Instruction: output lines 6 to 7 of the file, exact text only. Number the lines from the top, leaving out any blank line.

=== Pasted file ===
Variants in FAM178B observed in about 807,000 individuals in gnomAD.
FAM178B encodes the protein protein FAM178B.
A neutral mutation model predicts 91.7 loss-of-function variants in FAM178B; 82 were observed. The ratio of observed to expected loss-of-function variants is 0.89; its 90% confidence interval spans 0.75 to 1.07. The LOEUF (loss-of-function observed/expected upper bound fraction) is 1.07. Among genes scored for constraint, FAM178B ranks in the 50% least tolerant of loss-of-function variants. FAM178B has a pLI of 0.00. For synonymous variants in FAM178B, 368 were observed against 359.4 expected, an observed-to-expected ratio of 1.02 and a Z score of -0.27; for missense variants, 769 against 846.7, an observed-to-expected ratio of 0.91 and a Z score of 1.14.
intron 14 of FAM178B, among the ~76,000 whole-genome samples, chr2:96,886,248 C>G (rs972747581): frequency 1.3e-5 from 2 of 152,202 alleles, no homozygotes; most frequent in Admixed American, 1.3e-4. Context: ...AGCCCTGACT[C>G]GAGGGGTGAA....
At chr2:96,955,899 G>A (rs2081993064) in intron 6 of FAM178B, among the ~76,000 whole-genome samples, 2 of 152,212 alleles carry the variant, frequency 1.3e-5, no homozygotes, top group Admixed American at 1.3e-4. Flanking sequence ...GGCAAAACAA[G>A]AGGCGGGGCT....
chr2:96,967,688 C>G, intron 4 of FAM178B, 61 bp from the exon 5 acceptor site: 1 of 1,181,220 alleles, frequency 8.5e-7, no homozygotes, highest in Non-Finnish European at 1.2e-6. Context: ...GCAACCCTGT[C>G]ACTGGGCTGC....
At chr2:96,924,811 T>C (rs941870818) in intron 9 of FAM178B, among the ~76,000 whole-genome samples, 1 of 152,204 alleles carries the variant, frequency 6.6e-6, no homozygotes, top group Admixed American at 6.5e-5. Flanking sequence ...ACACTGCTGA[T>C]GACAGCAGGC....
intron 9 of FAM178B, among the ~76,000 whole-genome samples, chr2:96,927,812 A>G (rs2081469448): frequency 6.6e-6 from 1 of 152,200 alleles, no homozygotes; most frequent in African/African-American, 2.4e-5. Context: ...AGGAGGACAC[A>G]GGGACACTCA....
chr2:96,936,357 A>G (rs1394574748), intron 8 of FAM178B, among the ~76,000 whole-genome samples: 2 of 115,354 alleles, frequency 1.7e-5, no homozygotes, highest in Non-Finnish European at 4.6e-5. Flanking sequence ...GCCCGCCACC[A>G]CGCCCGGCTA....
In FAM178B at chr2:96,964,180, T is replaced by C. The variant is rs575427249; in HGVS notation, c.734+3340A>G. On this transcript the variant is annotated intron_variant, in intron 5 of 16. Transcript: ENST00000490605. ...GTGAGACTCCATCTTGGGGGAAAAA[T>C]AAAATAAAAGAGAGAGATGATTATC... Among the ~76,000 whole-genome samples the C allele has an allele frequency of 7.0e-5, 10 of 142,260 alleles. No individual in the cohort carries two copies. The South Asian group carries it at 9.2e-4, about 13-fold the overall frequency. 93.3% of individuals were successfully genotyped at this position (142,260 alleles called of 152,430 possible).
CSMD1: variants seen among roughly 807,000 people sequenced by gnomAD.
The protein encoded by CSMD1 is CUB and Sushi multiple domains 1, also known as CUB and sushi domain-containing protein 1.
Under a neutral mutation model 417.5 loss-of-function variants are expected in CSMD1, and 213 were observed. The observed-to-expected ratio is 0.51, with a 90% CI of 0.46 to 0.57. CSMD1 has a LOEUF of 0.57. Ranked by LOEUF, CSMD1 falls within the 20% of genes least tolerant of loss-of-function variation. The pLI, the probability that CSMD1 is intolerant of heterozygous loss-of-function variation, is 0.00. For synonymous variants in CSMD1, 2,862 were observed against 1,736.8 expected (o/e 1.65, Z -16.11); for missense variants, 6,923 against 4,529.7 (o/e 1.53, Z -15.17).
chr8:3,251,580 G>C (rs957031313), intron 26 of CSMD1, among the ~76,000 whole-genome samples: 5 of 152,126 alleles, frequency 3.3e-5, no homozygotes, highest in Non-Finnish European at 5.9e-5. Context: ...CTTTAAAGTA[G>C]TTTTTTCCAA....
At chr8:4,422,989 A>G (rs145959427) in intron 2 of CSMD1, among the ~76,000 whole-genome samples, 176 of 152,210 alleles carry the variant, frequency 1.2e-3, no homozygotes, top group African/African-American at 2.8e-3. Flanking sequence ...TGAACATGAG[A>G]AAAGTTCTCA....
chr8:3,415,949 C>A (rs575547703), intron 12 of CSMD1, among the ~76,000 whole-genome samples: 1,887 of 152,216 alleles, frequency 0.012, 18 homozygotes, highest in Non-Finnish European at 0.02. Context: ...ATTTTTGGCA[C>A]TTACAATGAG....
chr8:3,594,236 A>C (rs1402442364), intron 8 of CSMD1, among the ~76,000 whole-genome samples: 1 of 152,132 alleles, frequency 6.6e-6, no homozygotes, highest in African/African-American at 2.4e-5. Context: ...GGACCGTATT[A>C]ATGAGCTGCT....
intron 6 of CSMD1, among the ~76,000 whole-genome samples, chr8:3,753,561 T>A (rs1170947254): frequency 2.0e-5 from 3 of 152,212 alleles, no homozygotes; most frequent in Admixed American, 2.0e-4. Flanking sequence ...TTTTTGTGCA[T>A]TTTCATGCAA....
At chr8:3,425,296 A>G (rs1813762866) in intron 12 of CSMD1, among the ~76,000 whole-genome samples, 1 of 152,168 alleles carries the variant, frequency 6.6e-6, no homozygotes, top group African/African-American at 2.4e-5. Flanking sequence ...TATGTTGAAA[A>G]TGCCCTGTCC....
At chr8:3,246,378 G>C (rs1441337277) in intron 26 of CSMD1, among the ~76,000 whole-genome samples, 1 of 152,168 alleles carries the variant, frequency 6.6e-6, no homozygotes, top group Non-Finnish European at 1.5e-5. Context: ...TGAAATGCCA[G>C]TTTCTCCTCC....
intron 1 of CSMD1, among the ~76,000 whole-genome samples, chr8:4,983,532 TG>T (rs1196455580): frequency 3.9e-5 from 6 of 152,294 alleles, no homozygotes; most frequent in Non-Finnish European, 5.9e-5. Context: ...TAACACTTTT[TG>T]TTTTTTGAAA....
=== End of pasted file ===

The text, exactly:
chr2:96,967,688 C>G, intron 4 of FAM178B, 61 bp from the exon 5 acceptor site: 1 of 1,181,220 alleles, frequency 8.5e-7, no homozygotes, highest in Non-Finnish European at 1.2e-6. Context: ...GCAACCCTGT[C>G]ACTGGGCTGC....
At chr2:96,924,811 T>C (rs941870818) in intron 9 of FAM178B, among the ~76,000 whole-genome samples, 1 of 152,204 alleles carries the variant, frequency 6.6e-6, no homozygotes, top group Admixed American at 6.5e-5. Flanking sequence ...ACACTGCTGA[T>C]GACAGCAGGC....